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Re: Flame Wars

[email protected] writes:
>         I am sorry if I have annoyed or offended anyone here, It was not my
> intention of course......I dont want to hold any grudges especially with
> Sameer....I havent done much cracking and have alot of questions I bet alot
> of you had when you were 13 anyway zoetrope as in coppolla's
> studio....again sorry If I offended or annoyed you....

If you are actually 13, I apologize for the comments I made earlier.
However, if you are really are that young your questions are
understandable, as was your manner. I got started in computers when I
was about eleven many, many years ago, and I remember what its like
when you know more than most adults about technology but don't quite
know how to interact with other technical people yet. (I also remember
that I didn't appreciate people thinking that I didn't know how to
interact with other people, but thats another story.)

By the way, generally, it works better when you join a new mailing
list if you sit and listen for a while to get the flavor of what is
going on.

Anway, let me try to answer your question.

We don't study cryptography and data security for any one reason -- we
are a big and very diverse group of people and we have many different
reasons for what we do. However, many of us are interested in the
topic for political reasons. We view cryptography as a way to ensure
freedom and privacy for people around the world, and we try to advance
that cause by studying cryptographic systems and sometimes computer
security in general. Other reasons people like doing cryptography work
is that its a fun area of math/computer science to fool around with in
and of itself, and that some of us, including me, have paying work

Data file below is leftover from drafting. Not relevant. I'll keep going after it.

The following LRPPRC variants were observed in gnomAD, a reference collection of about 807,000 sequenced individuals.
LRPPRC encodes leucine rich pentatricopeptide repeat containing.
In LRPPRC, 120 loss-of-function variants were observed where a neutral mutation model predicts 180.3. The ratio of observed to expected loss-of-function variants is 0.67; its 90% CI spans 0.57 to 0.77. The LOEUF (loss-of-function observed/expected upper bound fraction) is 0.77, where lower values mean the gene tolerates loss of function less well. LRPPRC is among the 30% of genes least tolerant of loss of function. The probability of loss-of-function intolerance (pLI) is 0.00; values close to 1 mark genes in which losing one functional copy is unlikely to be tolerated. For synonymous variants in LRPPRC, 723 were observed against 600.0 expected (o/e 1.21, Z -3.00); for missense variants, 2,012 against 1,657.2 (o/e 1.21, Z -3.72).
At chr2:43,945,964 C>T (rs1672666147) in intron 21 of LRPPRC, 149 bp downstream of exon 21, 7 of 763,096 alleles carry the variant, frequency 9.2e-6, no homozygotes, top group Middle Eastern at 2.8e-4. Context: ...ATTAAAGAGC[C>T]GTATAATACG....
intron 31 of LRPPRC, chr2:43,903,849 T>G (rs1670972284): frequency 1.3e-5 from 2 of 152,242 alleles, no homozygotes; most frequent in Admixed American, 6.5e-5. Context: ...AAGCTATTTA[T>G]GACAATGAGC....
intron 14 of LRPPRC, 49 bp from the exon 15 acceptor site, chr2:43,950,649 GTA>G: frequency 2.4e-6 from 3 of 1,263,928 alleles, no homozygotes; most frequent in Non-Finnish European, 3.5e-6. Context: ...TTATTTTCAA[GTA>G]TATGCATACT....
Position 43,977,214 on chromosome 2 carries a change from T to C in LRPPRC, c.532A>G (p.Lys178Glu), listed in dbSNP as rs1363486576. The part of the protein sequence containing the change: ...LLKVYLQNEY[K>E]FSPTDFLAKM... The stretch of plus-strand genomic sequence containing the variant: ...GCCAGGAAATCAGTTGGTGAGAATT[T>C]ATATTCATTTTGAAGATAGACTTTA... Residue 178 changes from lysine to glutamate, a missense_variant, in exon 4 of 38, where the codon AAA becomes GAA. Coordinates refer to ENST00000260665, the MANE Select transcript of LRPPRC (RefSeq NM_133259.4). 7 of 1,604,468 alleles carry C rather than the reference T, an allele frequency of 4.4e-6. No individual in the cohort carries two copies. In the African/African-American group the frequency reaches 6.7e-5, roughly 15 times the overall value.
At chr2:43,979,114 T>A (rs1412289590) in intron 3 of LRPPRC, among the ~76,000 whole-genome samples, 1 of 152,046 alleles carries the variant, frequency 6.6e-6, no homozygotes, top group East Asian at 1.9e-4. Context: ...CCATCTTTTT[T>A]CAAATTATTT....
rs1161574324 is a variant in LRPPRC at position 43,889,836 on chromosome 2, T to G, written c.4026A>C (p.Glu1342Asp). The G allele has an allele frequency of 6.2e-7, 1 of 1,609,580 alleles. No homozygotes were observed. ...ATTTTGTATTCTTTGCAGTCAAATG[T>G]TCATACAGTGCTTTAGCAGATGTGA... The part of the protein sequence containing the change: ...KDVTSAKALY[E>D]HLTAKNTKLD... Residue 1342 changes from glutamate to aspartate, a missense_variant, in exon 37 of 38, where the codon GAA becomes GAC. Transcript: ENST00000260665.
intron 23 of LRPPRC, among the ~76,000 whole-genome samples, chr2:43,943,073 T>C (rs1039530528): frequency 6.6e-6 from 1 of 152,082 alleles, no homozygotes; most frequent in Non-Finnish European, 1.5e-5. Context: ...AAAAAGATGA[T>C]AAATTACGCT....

doing things like computer and network security.

Most of us don't want to break in to computer systems for the sake of
breaking in to them, and in fact most of us don't even actually break
in to computers per se, but we do try to break badly designed
cryptographic software and security systems in order to get people to
build them better -- we tend to publicize these efforts both so that
we can get as many people working on them as possible (the more brains
the better) and so that we can make sure that people are aware of
flaws so that they will fix them or so that, if they aren't fixed,
people will avoid the software with the problems. "Security through
obscurity" is something we usually dislike around here, and you may
see the term "security through obscurity" used as a way of insulting
some cryptographic system or security sytem from time to time if it
depends on people not knowing how it works in order to keep it secure.

If you are interested in cryptography and in learning a bit about what
we do, I suggest that you first read a good introductory book on
cryptography like Bruce Schneier's "Applied Cryptography" (which is
coming out in a new edition in only a few weeks) and that you listen
a bit to the conversation around here -- you might also want to read
some of the back archives of the mailing list on www.hks.net.

You also might have other questions. One good way to deal with them is
to first see if you can find the answer in Schneier's book or the
archives, and then to try to ask the list if its a question that lots
of people might want to think about, or send mail to a single person
who probably knows the answer if you don't think its worth bothering
everyone about.

Above all, its important to remember that people around here are often
trying to get work done, and will answer quiet, polite questions
before they will answer loud and obnoxious ones.